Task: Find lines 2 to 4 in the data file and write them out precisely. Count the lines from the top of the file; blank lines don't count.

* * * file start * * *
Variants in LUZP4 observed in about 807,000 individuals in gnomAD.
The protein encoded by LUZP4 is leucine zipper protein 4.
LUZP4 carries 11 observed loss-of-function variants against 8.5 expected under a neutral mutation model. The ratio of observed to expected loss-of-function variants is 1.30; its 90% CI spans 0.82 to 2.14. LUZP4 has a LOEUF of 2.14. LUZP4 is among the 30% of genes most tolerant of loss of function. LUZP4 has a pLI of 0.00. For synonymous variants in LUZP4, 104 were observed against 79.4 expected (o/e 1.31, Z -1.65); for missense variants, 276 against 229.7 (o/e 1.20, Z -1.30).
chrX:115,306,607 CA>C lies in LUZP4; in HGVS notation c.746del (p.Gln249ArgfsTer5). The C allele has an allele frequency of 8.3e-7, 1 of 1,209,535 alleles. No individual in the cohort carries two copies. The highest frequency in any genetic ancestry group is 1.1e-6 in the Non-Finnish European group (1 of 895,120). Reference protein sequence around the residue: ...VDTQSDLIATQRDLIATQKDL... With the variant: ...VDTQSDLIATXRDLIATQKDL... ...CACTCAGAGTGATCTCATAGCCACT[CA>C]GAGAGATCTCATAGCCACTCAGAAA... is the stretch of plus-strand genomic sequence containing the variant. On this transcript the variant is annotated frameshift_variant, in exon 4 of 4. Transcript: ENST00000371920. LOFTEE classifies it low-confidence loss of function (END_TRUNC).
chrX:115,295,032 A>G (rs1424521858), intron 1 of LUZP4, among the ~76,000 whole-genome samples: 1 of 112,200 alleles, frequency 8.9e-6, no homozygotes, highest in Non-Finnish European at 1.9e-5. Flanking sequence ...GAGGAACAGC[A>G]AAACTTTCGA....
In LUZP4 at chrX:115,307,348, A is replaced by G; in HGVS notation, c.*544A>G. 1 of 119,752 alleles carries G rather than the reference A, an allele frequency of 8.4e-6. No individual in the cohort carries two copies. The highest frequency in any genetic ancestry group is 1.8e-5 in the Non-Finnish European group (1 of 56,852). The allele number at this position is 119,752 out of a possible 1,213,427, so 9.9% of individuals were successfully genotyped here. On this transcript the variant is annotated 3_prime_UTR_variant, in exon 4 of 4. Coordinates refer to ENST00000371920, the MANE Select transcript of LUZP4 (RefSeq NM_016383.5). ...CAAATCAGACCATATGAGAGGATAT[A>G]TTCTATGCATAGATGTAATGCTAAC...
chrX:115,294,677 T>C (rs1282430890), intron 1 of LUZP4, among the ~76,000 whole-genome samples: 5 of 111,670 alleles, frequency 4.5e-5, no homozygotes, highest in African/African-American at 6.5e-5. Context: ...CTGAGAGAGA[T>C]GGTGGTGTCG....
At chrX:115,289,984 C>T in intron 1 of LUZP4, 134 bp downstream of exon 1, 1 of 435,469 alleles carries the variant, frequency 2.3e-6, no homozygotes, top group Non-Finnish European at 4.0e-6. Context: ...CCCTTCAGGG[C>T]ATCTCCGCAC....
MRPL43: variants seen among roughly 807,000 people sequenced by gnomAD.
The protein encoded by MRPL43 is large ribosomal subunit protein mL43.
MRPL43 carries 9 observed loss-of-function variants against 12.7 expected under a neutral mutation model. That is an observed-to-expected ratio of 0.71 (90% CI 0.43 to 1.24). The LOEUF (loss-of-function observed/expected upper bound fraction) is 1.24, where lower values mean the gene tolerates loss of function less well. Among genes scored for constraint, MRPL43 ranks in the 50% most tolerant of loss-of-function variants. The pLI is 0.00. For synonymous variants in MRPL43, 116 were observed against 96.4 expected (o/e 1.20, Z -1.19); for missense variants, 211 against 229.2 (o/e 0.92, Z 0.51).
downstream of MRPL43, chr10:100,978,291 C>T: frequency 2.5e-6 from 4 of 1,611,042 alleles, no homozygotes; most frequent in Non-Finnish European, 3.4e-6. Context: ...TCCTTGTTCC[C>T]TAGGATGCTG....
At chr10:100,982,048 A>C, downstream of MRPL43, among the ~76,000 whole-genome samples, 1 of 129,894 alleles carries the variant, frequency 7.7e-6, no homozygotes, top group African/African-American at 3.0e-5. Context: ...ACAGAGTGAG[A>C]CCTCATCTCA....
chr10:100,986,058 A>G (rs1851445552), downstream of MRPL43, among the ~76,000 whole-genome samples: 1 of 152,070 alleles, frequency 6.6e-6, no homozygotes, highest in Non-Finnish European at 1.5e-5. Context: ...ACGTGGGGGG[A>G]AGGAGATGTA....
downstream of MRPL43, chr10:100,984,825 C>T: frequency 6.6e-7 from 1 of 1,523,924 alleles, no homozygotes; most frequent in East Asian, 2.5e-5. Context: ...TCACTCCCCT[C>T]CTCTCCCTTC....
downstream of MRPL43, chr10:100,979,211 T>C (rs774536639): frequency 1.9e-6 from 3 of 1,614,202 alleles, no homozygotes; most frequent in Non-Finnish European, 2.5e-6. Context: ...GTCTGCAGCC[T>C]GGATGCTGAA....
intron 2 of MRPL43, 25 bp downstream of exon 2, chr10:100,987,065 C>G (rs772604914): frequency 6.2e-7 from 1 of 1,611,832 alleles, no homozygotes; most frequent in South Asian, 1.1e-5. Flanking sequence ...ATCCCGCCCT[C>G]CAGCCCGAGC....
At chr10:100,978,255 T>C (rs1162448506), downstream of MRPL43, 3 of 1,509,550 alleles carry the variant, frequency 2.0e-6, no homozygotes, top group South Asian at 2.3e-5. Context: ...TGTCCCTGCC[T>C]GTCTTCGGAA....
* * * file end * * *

The protein encoded by LUZP4 is leucine zipper protein 4.
LUZP4 carries 11 observed loss-of-function variants against 8.5 expected under a neutral mutation model. The ratio of observed to expected loss-of-function variants is 1.30; its 90% CI spans 0.82 to 2.14. LUZP4 has a LOEUF of 2.14. LUZP4 is among the 30% of genes most tolerant of loss of function. LUZP4 has a pLI of 0.00. For synonymous variants in LUZP4, 104 were observed against 79.4 expected (o/e 1.31, Z -1.65); for missense variants, 276 against 229.7 (o/e 1.20, Z -1.30).
chrX:115,306,607 CA>C lies in LUZP4; in HGVS notation c.746del (p.Gln249ArgfsTer5). The C allele has an allele frequency of 8.3e-7, 1 of 1,209,535 alleles. No individual in the cohort carries two copies. The highest frequency in any genetic ancestry group is 1.1e-6 in the Non-Finnish European group (1 of 895,120). Reference protein sequence around the residue: ...VDTQSDLIATQRDLIATQKDL... With the variant: ...VDTQSDLIATXRDLIATQKDL... ...CACTCAGAGTGATCTCATAGCCACT[CA>C]GAGAGATCTCATAGCCACTCAGAAA... is the stretch of plus-strand genomic sequence containing the variant. On this transcript the variant is annotated frameshift_variant, in exon 4 of 4. Transcript: ENST00000371920. LOFTEE classifies it low-confidence loss of function (END_TRUNC).